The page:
Maybe somebody who works at Barnes & Noble can clear something up for me:
Barnes & Noble stores has special displays of children’s Christmas books by the registers, and they’re asking customers to buy one or more and leave them in a special box to be distributed to needy kids (because in our county there are no needy kids living in Jewish, Muslim, Hindu, Buddhist or atheist families; but that’s another matter).
I bought and donated a couple of books, and then I started to wonder: Customers are buying these books at full retail price which means needy kids do get free books, but Barnes & Noble gets their normal profit, which is give-or-take half the retail price of the book — and I wonder whether this special display also makes a good dumping ground for Christmas books that aren’t selling (because how many people are going to be very selective about books they’re giving away to strangers?)
If I’m missing a fact or two that might put Barnes & Noble in a slightly better light here, I hope somebody will tell me.
The phone call I got yesterday from somebody claiming to represent Visa was actually from Vonage, an attempt to get my new credit card number so they can continue billing me after they refused to put through my repeated requests for cancellation (see previous update).
Wow. At least I was right about this being a scam to make fraudulent use of my credit card.
“This is the Security Office at **** Visa. We’ve discovered a possible fraudulent charge to your account. Please call us back immediately at 1-800-***-****, and have your credit card number ready.”
Not a bad scam as scams go. I’m sure they caught some fish.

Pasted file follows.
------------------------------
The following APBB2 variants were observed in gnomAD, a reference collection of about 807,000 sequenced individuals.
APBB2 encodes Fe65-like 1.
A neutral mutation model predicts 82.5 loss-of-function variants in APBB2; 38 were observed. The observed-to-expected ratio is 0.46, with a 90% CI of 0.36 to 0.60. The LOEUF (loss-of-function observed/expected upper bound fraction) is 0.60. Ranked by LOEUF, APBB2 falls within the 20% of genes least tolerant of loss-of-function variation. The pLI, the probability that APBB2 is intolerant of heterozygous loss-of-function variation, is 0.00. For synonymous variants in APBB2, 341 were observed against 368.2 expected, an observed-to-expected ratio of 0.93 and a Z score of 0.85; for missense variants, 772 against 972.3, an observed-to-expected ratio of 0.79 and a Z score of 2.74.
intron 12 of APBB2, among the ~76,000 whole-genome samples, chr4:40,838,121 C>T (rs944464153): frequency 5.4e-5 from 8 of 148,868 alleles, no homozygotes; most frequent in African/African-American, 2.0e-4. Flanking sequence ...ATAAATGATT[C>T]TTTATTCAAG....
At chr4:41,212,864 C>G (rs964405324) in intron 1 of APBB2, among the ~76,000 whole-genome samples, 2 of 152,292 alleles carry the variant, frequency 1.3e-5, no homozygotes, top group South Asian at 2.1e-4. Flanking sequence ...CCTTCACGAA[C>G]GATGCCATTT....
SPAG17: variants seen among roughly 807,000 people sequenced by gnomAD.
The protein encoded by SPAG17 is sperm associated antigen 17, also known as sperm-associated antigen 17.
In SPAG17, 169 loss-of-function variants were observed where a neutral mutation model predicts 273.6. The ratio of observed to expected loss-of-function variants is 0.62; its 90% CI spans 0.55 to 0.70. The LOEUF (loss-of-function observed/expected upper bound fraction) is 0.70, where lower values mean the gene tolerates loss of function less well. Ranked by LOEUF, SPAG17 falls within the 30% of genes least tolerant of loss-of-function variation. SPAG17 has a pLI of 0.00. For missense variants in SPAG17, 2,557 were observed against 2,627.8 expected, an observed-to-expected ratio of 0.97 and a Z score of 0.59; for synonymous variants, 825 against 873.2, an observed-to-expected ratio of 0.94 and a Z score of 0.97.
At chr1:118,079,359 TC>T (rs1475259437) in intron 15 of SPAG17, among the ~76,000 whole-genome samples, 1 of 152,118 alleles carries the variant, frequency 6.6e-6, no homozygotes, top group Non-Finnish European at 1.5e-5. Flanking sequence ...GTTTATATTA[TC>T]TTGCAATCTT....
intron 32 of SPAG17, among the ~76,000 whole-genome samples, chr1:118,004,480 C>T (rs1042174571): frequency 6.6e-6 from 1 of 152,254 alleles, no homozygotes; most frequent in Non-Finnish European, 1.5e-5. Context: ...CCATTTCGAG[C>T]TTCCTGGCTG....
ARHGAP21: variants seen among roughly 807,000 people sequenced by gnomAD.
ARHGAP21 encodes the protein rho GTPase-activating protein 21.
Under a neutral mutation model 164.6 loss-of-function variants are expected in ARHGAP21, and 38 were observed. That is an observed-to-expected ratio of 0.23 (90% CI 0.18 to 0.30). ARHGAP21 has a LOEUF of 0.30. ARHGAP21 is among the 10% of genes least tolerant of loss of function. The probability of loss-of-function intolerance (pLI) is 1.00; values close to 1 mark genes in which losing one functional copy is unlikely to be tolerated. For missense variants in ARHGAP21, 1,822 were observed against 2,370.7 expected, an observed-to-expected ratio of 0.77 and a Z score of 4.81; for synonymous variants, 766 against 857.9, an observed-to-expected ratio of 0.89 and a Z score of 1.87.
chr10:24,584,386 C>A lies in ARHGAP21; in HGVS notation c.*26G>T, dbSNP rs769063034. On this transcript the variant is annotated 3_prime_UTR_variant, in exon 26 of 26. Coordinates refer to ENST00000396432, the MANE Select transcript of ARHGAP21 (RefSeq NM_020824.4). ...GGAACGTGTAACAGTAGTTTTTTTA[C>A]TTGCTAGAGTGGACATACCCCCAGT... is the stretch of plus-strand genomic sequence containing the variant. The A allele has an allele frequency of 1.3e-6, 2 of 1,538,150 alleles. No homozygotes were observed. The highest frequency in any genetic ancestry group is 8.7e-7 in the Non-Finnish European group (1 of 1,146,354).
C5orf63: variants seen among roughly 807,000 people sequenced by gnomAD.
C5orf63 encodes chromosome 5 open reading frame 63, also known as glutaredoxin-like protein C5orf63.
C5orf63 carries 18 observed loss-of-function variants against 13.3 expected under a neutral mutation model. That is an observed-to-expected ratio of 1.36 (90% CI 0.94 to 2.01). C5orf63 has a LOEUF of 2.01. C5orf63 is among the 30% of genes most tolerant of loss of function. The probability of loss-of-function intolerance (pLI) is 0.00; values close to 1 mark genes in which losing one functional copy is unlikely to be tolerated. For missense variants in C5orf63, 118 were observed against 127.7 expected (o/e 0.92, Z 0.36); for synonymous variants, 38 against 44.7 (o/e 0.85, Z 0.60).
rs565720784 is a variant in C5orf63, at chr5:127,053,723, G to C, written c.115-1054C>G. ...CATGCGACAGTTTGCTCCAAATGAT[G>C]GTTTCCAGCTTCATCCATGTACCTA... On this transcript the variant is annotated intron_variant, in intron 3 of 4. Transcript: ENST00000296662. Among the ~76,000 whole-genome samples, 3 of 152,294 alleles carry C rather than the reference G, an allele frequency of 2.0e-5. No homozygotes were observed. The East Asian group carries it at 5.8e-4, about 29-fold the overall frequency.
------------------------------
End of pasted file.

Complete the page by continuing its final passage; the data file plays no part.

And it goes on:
As obvious as this should be, you should never call any number other than the one on the back of your card.
As it happens, I called the number on the back of my card, asked to be connected to Security, confirmed that they hadn’t called me, and tried to explain to a brick wall that I was calling to let them know somebody was making these calls in their name. The brick wall didn’t quite understand how this scam worked, and advised me not to give out my credit card number to anybody. “Yes, thank you, I got that,” I said. “That’s why I’m talking to you instead of to the criminals who called me.”
Then the brick wall asked me for my mother’s maiden name again.
Just wondering… Has anybody else had a problem canceling a Vonage phone account? I’ve called them three times already, but somehow the cancellation never managed to go through. Sounds a lot like the scam AOL used to pull, until they were prosecuted for it, in which they’d simply ignore cancellations and continue to bill (former) customers’ credit cards.
I’m one of the lucky ones: My credit card was compromised last month (usually not a lucky break), and Vonage keeps trying to bill my now-closed credit card number without success. Several times a week they e-mail me asking me to call them to give them a new credit card number to bill.
Probably not gonna happen.